Friday, December 19, 2008

The perfect solution to the economic crisis

Simply pay the people who got us into this mess with all these funny money investments their bonuses and all with those same funny money investments! Moves it off the bank's books, frees up their cash so they don't need our bailouts and puts the problems back on the people who caused it. And don't forget, we should collect income taxes on it as well - after all, if Wall St Whiz Kid has "earned" a $22 million bonus this year, taxes are just a part of life.

Credit Suisse is doing it - they just don't go as far as I would.

We're shocked that nobody has suggested this before, but on its face this looks like a great idea... Credit Suisse announced today that bonuses for its top executives would be made in illiquid, mortgage-backed securities. Seeing as these guys are responsible for getting this stuff on the companies books, it makes sense to shove it back to them. And if the market gets liquid again, and the stuff goes up, that's going to be a huge windfall for execs:

Bloomberg: The bank will use leveraged loans and commercial mortgage- backed debt, some of the securities blamed for generating the worst financial crisis since the Great Depression, to fund executive compensation packages, people familiar with the matter said. The new policy applies only to managing directors and directors, the two most senior ranks at the Zurich-based company, according to a memo sent to employees today.

“While the solution we have come up with may not be ideal for everyone, we believe it strikes the appropriate balance among the interests of our employees, shareholders and regulators and helps position us well for 2009,” Chief Executive Officer Brady Dougan and Paul Calello, CEO of the investment bank, said in the memo.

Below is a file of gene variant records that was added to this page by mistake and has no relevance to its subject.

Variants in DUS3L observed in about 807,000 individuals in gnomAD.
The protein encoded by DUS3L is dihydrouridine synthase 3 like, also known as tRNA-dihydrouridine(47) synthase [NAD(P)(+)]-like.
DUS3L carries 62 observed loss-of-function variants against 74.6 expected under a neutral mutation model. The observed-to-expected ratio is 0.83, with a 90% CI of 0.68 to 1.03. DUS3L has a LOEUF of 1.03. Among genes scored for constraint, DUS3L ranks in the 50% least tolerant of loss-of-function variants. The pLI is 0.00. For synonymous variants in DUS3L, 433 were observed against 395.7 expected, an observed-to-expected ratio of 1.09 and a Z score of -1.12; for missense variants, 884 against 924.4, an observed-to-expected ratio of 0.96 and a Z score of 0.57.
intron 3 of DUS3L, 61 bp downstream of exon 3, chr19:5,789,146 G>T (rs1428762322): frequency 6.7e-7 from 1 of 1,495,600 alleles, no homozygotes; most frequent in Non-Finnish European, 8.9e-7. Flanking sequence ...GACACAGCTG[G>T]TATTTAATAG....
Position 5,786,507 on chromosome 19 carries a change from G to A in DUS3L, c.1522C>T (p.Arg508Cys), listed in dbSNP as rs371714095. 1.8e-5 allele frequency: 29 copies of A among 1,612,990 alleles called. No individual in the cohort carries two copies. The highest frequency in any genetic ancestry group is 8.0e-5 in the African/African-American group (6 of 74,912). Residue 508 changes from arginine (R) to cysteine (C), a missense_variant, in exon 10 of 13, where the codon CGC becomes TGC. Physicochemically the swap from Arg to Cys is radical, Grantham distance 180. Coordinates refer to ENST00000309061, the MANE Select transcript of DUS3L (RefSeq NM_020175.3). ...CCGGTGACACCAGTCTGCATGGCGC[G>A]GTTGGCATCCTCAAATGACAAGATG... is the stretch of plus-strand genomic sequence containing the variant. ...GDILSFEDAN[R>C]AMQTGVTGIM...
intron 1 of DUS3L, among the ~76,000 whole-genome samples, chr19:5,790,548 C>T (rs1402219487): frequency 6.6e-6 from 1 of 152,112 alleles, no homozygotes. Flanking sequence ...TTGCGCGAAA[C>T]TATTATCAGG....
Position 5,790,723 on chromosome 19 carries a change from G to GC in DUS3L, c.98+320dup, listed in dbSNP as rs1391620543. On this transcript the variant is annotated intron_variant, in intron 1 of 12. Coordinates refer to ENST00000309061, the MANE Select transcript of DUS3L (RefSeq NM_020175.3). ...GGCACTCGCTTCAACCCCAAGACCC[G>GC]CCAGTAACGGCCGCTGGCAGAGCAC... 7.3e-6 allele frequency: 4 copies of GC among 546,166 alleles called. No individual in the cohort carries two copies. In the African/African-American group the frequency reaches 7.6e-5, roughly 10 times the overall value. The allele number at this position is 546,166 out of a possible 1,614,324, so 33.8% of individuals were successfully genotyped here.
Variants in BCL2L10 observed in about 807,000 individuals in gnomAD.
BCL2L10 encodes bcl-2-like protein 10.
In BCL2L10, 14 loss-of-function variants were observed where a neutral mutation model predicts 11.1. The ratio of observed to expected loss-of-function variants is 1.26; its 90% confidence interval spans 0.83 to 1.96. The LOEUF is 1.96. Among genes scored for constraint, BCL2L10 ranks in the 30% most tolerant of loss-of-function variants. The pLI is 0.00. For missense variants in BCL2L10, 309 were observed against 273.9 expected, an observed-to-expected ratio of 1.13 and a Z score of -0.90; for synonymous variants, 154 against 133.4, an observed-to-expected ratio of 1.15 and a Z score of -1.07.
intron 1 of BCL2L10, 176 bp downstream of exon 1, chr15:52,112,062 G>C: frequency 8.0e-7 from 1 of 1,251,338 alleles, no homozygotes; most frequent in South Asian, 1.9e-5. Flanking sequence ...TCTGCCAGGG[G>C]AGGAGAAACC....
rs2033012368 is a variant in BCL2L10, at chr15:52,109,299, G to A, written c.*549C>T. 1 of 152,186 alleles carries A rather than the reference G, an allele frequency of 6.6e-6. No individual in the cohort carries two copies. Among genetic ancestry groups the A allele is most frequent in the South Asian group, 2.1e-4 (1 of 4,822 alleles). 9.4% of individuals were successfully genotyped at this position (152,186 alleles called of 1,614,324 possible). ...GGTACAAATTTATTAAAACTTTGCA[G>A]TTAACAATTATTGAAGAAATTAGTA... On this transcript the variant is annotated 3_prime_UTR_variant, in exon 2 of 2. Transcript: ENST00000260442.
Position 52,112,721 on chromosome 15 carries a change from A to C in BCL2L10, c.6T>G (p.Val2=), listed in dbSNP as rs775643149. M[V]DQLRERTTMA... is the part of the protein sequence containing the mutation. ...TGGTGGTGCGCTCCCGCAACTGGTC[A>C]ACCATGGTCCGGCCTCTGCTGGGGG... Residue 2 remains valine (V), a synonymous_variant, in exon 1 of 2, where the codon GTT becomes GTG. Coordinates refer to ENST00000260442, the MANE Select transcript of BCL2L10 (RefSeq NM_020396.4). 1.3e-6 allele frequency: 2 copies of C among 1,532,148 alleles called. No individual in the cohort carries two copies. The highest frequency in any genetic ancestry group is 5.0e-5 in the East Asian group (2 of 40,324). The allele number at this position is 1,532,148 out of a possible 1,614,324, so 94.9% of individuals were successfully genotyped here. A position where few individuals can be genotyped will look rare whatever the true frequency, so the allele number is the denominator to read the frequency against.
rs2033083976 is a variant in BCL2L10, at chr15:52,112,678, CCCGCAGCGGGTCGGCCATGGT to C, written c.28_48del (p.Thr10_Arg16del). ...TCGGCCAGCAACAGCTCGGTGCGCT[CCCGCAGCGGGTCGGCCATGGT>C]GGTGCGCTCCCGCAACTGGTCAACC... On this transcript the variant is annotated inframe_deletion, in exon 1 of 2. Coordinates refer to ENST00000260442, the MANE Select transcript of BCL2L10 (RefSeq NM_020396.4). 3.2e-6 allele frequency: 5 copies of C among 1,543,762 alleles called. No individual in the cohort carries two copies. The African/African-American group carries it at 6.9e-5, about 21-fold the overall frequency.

Another bonus: This moves the stuff off of Credit Suisse's books, while letting it hold onto its precious cash. Will we see any copycats?

Friday, December 12, 2008

"I believe that banking institutions are more dangerous to our liberties than standing armies

"I believe that banking institutions are more dangerous to our liberties than standing armies . . . If the American people ever allow private banks to control the issue of their currency, first by inflation, then by deflation, the banks and corporations that will grow up around . . . will deprive the people of all property until their children wake-up homeless on the continent their fathers conquered . . . The issuing power should be taken from the banks and restored to the people, to whom it properly belongs."
-- Thomas Jefferson -- The Debate Over The Recharter Of The Bank Bill, (1809)